But in this matchup, the Raiders’ secondary issues may not matter too much. The Vikings are 6–2, but they haven’t beaten a team over .500 this season, and quarterback Teddy Bridgewater is recovering from a concussion after taking a vicious and illegal hit from St. Louis’s Lamarcus Joyner last Sunday. Bridgewater has just one 300-yard passing game this season and four games under 200 yards, and you can chalk part of that up to an uneven receiver corps and an iffy offensive line.

Linval Joseph a main reason why resilient Vikings continue to rise

​The Vikings are getting it done on defense and in the run game, where Adrian Peterson looks like he hasn’t lost a single step after missing nearly all of 2014. Rookie receiver Stefon Diggs looks to be the main man to exploit a Raiders secondary that allowed Steelers receiver Antonio Brown to have a historic day last Sunday. If Bridgewater can connect with Diggs often enough and Minnesota’s defense can shut down the estimable duo of Amari Cooper and Michael Crabtree, the Vikings could go into their Nov. 22 matchup with the Packers with an eye on actually building a lead in the NFC North. —DF

Patriots at Giants (4:25 p.m., CBS)

All the talk built up about the two recent Super Bowls in which Tom Coughlin’s Giants took down Bill Belichick’s favored Patriots? Set that stuff aside; this Giants team may not have too many David Tyree helmet catches or last-minute drives in it. The primary challenge for Coughlin’s team this time around is dealing with New England’s top-ranked passing attack, and doing it with a pass defense that ranks 26th in Football Outsiders’ metrics.

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The 5–4 Giants have split their last four games and are coming off a 32–18 win over the sorry Buccaneers, in which they had to score furiously in the second half to avoid a Tampa Bay comeback. Meanwhile, the 8–0 Pats, still obviously taking the Deflategate thing out on the rest of the league just as they took Spygate out on the rest of the league in 2007, are coming off thrashings of the Dolphins and Redskins in which they have looked even more formidable than the 2007 team.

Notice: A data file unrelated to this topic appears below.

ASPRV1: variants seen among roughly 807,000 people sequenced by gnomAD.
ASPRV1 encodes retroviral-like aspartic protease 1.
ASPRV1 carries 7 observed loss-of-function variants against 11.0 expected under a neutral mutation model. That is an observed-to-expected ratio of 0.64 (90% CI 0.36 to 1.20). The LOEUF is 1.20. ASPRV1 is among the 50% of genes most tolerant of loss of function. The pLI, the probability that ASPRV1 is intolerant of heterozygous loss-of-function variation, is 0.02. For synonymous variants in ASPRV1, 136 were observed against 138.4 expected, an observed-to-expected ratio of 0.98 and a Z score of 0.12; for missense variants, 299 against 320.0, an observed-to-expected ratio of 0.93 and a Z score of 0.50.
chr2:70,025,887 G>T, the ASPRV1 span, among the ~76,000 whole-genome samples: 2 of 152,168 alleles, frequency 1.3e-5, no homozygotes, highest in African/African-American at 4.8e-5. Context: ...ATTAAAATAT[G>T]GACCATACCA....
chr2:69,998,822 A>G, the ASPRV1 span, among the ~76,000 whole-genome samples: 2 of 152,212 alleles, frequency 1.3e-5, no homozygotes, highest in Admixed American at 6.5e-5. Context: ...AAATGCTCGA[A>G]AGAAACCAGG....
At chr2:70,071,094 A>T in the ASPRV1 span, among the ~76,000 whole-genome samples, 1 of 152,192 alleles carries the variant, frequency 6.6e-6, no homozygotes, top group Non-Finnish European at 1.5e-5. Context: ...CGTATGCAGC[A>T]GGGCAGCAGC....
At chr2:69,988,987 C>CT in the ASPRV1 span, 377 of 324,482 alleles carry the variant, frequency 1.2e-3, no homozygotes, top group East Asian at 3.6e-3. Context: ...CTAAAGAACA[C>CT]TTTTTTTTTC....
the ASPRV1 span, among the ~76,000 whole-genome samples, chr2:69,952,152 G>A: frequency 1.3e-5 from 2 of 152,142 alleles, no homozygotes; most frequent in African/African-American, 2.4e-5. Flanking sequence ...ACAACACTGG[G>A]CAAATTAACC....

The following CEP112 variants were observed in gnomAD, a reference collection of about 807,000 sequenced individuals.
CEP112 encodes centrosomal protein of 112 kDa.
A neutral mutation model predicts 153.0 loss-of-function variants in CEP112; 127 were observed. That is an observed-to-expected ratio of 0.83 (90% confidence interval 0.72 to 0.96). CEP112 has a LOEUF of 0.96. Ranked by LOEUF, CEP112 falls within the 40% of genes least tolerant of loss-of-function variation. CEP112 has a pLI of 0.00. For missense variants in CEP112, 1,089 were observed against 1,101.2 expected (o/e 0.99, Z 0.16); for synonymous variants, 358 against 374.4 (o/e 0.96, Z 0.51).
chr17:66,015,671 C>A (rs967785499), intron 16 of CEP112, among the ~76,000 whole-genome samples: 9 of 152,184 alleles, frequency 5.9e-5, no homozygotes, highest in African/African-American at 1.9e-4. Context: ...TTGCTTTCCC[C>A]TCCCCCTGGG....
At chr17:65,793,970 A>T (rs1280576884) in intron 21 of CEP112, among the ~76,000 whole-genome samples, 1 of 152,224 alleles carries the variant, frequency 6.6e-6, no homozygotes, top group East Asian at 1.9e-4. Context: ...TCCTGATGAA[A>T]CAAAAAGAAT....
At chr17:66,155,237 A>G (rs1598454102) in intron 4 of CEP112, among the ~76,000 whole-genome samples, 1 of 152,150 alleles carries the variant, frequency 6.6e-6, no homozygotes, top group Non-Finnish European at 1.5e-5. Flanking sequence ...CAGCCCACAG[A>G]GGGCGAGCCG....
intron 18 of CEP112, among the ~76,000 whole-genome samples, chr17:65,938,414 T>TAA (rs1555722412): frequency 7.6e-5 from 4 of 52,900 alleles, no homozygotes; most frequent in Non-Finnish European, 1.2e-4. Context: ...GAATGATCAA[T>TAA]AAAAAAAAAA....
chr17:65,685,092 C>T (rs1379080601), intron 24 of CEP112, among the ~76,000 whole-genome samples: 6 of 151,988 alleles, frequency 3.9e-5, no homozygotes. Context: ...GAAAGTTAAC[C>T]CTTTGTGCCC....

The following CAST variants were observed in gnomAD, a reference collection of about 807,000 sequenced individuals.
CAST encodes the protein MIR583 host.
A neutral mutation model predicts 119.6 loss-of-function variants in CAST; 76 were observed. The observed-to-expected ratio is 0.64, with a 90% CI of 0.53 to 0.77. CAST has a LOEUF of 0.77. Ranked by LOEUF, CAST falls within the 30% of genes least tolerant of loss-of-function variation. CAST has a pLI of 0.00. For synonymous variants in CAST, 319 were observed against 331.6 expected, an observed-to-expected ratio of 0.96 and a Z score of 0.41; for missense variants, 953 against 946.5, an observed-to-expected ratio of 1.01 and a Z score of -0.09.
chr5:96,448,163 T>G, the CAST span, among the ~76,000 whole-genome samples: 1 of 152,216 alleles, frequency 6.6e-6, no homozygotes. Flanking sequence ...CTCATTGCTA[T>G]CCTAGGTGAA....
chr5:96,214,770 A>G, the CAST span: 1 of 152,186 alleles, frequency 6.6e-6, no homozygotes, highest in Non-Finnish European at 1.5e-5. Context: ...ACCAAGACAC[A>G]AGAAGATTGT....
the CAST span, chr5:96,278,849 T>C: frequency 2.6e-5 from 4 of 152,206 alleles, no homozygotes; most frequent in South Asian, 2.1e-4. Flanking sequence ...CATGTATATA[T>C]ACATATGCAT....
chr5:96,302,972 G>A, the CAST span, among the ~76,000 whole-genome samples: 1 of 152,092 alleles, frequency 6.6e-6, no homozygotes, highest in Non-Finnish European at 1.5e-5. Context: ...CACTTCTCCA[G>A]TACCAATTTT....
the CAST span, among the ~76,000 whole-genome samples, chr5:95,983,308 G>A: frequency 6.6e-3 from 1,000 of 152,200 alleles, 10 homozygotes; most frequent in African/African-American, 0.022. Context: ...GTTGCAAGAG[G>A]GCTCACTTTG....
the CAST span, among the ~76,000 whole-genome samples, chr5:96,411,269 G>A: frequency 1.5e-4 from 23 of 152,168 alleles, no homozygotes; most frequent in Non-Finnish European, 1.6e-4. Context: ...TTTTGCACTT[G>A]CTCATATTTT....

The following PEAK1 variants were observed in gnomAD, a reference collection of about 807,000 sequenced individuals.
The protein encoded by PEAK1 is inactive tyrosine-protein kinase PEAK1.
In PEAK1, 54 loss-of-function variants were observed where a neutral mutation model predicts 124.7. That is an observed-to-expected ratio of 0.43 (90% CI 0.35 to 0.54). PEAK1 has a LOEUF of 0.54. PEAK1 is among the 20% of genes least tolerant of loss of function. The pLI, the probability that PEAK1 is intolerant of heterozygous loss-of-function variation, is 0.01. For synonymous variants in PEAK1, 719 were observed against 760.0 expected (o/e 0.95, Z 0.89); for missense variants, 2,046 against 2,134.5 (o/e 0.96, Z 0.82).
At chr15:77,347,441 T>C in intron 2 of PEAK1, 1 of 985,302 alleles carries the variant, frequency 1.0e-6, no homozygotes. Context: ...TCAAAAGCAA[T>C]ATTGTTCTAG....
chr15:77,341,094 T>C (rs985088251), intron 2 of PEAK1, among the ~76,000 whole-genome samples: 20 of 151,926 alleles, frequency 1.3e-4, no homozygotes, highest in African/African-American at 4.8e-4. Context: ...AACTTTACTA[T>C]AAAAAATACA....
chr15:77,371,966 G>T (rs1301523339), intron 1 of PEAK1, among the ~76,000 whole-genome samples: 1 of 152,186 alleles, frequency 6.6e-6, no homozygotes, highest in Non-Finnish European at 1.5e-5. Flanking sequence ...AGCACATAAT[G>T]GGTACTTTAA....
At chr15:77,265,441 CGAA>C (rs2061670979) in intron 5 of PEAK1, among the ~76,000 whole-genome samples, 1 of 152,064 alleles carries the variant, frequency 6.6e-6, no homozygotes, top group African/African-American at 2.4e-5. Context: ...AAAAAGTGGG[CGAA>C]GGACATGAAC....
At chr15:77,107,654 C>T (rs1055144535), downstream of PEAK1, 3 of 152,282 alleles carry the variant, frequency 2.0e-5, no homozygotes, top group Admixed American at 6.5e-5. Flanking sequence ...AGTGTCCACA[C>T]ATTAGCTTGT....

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The difference this time around is defense, on both sidelines. Pats pass rusher Chandler Jones leads the league in sacks, cornerbacks Logan Ryan and Malcolm Butler have excelled as starters, and the job Bill Belichick and defensive coordinator Matt Patricia are doing dialing things up is singularly impressive. Coughlin has Steve Spagnuolo, the same defensive coordinator he had back in 2007, but this defense isn’t a few plays away from total domination—the Giants have amassed just nine sacks all season and are allowing a league-worst 429 yards per game. New York does lead the league with 13 interceptions, but that’s not really an advantage against Brady, who has just two picks to his 22 touchdowns all season. The Patriots seem to be settling all family business this season, and you can likely add a win over their tough historical foes to that list. —DF

Cardinals at Seahawks (8:30 p.m., NBC)

The Cardinals’ 2014 season started to unravel when Carson Palmer injured his knee in a Week 10 win over St. Louis. But it was in two losses to Seattle (19–3 in Week 12 and 35–6 in Week 16) that things really fell apart.

With the Week 16 loss, the Cardinals lost their hold on the NFC West, slipping into second place. They would fall in the wild-card round, with an overwhelmed Ryan Lindley at quarterback, while Seattle advanced to the Super Bowl again.

So while there will remain a lot to sort out this regular season after Sunday night’s showdown, the Cardinals are eager to see what they can do with Palmer under center.

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What they have done so far is put on display an explosive offense. The Cardinals are averaging 32.9 points per game, second only to New England’s 34.5 clip. Palmer is on pace to shatter his career highs in passing yards and touchdowns, while running back Chris Johnson's surprising resurgence has helped produce a balanced attack.

It goes without saying that the Seahawks’ defense will provide a test. This may not be an all-time great defensive unit, as it arguably was in recent years, but its potential to take over a game remains.

That’s less true of the Seattle offense, which cannot shake its inconsistencies up front. Arizona does not sack the quarterback often (13 times in eight games) but will bring pressure from various spots in hopes of flustering Russell Wilson.